5 big growth opportunities in spine

Written by Laura Dyrda | February 11, 2019 | Print  |

Here are key thoughts from five spine surgeons as they discuss the biggest opportunities for practice growth in the coming year.

Key themes the surgeons discussed include:

• Taking more outpatient procedures into the ASC
• Incorporating cutting-edge technology
• Taking steps to engage in value creation and bundled payments
• Partnering with multidisciplinary spine specialists for patient-centered care
• Using technology such as social media for marketing and telehealth for follow-up visits

Kern Singh, MD. Co-Director of the Minimally Invasive Spine Institute at Rush and Partner at Midwest Orthopaedics at Rush (Chicago): 1. Increasing ancillary utilization will allow private practices to maintain autonomy. Orthopedists are learning quickly that relying solely upon professional revenues is not sustainable. Rather, other avenues for revenues will need to be maximized, including durable medical equipment, MRI and physical therapy.

2. Bundled Payments Care Initiative will be an area of significant growth for those practices that specialize in high volume acuity of care — total hips, knees and spine —and can provide these treatments in a cost-contained, low complication fashion. Margins are still large in BPCI, and with the correct infrastructure, this can still be a source of significant revenue for the private practitioner.

3. Social media and online marketing will continue to grow. The ability to capture large audiences with a smaller cost can allow all practices the ability to increase patient flow. Real time social media — Facebook, Instagram and search engine optimization — is key to the evolving world of healthcare marketing.

Alpesh Patel, MD. Co-Director of the Northwestern Spine Center (Chicago): In general, growth for businesses entering spine is going to come from meaningful innovation that then creates product differentiation. Meaningful innovation will only occur if real clinical needs are met: safer, reliable and predictable spinal fusion as one example. Studies, like the upcoming Kuros study on Fibrin-Parathyroid hormone, will provide evidence as to whether or not these clinical needs are being met. Those facts, presented within a framework of improving patient outcomes, can be drivers of growth.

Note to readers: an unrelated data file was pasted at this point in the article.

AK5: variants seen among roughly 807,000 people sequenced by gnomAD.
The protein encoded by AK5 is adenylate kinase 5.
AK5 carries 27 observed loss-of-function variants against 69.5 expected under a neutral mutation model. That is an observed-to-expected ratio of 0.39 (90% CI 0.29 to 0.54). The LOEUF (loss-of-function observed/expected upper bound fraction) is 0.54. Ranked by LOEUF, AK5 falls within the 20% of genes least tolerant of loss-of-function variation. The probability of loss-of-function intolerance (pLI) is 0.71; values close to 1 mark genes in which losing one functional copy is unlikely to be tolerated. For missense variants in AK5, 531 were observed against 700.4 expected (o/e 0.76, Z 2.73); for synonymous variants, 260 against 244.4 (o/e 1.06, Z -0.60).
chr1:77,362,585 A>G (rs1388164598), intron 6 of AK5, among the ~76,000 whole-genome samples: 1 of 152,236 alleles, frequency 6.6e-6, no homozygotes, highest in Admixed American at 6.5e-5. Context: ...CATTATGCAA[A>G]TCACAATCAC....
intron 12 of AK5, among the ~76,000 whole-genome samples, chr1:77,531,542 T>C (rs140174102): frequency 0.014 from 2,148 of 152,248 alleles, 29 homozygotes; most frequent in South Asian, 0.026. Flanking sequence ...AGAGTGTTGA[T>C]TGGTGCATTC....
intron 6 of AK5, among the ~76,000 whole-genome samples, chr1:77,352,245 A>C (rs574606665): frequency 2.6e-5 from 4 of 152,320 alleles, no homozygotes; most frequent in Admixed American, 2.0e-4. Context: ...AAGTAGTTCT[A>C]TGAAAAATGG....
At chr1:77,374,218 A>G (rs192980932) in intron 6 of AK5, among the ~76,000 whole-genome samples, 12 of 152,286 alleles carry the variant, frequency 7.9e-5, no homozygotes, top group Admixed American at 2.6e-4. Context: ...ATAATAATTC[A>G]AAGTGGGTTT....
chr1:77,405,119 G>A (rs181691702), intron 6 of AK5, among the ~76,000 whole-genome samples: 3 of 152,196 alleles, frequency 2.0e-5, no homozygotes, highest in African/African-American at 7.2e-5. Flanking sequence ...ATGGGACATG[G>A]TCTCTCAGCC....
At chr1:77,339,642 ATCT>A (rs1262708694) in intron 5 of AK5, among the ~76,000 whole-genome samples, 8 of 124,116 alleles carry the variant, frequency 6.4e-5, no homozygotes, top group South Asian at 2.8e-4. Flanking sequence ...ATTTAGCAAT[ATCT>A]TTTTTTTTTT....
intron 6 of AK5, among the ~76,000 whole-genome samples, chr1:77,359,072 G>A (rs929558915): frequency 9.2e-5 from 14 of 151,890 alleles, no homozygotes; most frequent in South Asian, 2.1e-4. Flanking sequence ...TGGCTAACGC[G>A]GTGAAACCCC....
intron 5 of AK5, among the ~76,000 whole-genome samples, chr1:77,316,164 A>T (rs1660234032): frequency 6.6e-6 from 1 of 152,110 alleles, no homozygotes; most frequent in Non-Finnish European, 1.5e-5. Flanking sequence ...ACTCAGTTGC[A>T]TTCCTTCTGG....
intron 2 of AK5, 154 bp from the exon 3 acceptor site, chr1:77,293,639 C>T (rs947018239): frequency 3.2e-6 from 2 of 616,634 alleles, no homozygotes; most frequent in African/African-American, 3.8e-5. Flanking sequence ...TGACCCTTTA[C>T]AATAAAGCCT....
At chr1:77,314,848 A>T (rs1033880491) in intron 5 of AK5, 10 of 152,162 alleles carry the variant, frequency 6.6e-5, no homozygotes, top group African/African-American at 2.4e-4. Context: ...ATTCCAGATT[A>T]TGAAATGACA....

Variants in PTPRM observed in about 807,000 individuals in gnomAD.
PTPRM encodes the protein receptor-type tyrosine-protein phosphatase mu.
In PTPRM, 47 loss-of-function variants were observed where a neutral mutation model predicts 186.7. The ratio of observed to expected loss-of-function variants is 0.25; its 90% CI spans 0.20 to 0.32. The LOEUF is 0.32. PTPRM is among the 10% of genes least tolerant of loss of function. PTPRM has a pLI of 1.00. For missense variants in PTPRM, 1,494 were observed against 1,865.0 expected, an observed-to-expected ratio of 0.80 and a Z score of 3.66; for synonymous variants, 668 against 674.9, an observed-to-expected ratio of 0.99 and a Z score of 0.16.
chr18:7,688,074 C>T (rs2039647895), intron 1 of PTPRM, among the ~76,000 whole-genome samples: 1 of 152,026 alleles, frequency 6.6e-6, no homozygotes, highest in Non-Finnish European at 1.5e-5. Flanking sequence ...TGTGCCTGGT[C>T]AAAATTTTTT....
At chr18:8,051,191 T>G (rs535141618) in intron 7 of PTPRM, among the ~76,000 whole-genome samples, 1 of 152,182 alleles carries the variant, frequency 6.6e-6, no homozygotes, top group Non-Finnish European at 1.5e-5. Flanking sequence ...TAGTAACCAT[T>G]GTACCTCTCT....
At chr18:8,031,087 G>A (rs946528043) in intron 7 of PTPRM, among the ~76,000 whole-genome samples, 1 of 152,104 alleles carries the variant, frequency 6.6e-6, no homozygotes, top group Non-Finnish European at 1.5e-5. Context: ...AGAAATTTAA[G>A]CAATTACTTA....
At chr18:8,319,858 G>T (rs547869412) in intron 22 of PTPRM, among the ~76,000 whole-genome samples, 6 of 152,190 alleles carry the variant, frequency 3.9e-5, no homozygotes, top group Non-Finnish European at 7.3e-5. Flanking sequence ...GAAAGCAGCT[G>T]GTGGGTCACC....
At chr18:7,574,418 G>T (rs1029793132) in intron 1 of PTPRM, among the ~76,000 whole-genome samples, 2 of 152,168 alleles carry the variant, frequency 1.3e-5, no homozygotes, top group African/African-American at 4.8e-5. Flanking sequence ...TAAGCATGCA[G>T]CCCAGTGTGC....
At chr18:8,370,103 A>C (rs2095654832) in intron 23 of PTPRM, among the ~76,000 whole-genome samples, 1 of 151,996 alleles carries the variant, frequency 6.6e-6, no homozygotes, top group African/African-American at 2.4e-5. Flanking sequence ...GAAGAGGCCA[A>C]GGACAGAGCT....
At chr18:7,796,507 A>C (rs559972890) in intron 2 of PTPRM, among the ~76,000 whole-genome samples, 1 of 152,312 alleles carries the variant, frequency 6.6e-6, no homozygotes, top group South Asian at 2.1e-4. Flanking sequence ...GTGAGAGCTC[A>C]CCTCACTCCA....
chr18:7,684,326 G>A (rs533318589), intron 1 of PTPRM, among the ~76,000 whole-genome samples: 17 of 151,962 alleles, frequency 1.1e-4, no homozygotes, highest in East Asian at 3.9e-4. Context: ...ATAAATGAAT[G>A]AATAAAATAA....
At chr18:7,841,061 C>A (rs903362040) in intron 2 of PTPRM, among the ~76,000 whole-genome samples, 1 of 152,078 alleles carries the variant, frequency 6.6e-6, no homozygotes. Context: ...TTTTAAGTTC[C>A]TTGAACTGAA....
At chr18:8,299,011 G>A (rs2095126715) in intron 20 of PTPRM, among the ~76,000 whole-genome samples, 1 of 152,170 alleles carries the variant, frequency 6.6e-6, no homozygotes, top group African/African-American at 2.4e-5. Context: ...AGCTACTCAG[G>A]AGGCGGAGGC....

Jocelyn Idema, DO. Orthopedic Spine Surgeon (Pittsburgh and Washington, Pa.): I see the best opportunities for growth are in the outpatient spine sector. I feel as though the surgical culture continues to move towards patient-centered healthcare, and thus we can really work out a lot of issues before and after surgery in the comfort of the patient's own homes. By utilizing home health and therapy teams effectively in the patient-centered mindset, I am beginning to see a lot of opportunity in telehealth and reaching out to patients across the country, but also when you can't wait for an appointment in four to six weeks. With videotaped exams we can at least initiate treatment electronically with PT, medications and ordering of X-rays, and then bring you in for a face-to-face follow-up appointment later. I do know of a few companies that are starting to work towards providing these types of services for patients.

Charles Gordon, MD. CEO of Precision Spine Center and Founder of Texas Spine & Joint Hospital (Tyler, Texas): We believe that with interdisciplinary consolidation [there] is also an opportunity for value creation. Bringing like-minded physicians in complementary specialties together not only improves patient convenience, but [also] achieves some scaling efficiency and reduces overall costs.

Finally, as readers of Becker's surely know, there appears to be continued regulatory and consumer support in favor of ASC-based procedures over those done in a traditional hospital setting, when appropriate. Technical improvements also are enabling this trend. We see this as a continued opportunity in select markets.

Stephen Hochschuler, MD. Founding Physician of Texas Back Institute (Plano): Growth in spine:

(1) Application of artificial intelligence using registries, information technology, predictive analytics.

(2) Integration of telemedicine to streamline care and lower costs while increasing access.

More articles on spine surgery:
The potential for bundled payments: Hospital for Special Surgery Chief of Spine explains
The future of spine—key factors driving decision makers today
9 spine & neurosurgeons on the move in January


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